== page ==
“I survived by a mere chance. When armed people came to Melut in 2015, I was alone at home. I could not run or escape due to my disability. All I could do is sit in the corner and wait for my time to come, “ says Zaki in a trembling voice, “but when the door to my house opened, I heard someone calling out my name. It was a friend of mine who was with the government forces at that time. He knew I was here, so he took me to the army barracks to be safe.”

As the government forces were retreating, the future of Zaki as well as other remaining in Melut was becoming bleak and uncertain. “A friend of mine told me they are leaving the town and that I would be more safe in the United Nations Protection of Civilians (POC) site,“ Zaki continued, “so, this is how I ended up there.”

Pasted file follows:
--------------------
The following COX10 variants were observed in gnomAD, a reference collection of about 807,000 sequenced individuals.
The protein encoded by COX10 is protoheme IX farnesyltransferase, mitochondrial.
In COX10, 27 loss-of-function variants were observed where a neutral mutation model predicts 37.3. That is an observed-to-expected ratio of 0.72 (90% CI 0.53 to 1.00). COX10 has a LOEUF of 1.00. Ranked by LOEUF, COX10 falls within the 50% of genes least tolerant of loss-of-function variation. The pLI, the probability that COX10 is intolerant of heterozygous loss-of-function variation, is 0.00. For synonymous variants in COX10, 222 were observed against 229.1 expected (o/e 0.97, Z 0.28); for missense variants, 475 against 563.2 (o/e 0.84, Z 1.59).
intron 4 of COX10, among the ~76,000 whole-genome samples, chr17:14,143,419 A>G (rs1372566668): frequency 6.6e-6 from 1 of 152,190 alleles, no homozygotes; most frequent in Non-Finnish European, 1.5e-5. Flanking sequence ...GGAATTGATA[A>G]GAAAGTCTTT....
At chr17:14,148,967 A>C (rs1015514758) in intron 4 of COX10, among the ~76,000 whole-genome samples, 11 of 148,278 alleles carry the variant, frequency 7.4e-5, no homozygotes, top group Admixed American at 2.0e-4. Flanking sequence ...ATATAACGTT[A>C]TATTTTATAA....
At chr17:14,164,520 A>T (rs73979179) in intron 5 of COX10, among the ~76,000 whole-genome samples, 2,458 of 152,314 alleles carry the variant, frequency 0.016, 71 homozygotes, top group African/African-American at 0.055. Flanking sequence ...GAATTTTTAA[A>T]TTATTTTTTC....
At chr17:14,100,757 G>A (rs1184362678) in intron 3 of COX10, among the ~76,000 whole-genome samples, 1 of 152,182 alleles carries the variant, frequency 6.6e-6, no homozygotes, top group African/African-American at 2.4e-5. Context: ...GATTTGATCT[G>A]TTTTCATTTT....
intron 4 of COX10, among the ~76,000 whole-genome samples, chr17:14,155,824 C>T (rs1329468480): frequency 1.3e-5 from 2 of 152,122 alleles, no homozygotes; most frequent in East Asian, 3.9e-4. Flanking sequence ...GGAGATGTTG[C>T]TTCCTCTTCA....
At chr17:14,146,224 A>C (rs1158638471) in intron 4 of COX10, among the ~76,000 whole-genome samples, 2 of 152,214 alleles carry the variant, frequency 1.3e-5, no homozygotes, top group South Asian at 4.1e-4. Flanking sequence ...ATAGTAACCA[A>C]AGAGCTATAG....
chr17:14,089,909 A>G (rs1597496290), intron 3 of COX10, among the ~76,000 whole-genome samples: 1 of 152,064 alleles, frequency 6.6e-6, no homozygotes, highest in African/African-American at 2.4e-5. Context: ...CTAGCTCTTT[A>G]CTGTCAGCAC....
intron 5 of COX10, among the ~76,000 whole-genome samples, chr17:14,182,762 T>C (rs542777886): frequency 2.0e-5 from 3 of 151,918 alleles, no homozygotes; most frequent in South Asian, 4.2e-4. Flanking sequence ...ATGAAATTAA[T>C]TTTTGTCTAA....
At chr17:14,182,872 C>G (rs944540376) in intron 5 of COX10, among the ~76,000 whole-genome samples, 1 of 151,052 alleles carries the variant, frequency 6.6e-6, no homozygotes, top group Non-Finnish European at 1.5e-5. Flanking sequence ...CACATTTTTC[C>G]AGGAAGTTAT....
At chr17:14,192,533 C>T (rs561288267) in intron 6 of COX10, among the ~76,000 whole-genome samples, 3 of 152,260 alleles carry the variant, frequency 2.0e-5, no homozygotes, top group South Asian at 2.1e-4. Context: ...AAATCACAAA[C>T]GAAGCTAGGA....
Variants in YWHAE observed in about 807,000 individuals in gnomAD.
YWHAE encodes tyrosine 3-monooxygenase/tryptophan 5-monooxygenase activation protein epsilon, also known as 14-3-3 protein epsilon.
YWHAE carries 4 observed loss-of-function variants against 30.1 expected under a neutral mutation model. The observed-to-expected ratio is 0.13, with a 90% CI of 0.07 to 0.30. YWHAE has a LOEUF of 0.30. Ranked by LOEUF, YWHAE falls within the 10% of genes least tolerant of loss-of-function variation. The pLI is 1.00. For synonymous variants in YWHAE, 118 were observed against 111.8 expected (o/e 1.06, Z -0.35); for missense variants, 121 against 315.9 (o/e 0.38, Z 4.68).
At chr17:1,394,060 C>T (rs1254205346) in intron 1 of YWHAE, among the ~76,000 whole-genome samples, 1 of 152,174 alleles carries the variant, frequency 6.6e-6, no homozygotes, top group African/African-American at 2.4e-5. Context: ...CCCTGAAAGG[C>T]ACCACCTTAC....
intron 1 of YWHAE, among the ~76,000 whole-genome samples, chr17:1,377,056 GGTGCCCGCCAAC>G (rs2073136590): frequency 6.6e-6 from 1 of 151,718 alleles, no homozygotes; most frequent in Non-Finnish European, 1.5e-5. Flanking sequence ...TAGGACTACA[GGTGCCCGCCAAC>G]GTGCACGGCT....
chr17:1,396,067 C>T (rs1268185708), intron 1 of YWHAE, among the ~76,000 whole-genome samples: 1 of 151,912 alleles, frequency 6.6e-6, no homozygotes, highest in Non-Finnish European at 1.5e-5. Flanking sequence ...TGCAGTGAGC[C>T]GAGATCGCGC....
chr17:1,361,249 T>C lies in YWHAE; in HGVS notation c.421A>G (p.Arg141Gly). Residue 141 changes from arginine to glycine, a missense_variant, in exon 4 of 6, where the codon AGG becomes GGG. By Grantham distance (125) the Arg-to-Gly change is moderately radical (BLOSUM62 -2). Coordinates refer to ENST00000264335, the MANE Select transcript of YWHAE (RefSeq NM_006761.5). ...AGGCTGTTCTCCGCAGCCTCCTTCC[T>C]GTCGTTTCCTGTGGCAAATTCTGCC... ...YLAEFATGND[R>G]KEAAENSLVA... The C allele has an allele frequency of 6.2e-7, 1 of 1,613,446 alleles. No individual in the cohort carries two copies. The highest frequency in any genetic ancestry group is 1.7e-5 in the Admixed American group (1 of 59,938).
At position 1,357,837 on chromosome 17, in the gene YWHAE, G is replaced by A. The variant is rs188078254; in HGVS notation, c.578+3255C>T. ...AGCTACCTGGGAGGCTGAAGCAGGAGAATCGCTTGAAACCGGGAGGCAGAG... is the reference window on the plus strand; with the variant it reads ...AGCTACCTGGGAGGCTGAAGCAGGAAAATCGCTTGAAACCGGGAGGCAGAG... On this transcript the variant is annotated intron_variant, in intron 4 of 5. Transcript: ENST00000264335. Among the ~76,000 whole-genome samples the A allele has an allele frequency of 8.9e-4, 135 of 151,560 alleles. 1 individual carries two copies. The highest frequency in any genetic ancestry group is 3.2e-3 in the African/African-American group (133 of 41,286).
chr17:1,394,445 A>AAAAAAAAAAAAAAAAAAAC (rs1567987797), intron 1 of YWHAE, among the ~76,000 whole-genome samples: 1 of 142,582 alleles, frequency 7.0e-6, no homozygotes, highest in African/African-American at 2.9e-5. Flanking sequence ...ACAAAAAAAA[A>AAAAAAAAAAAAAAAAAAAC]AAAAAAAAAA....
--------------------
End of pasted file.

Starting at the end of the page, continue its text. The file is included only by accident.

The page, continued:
Zaki has been living in the POC site along with over 500 other internally displaced persons since 2015. Overcrowded, with crumbling shelters and without proper water and sanitation facilities, this camp for internally displaced persons was hard to endure even for physically able men, let alone a man with a disability, who did not have any support to move around. “I got used to drag my legs and move using my two hands only, “ Zaki laughs, saying he was crawling, manoeuvring in between shelters to reach certain facilities. “People were good in the camp and the UNHCR and other organisations were giving a lot of support, even when I needed to cater for my basic needs such as going to a toilet or taking a bath.”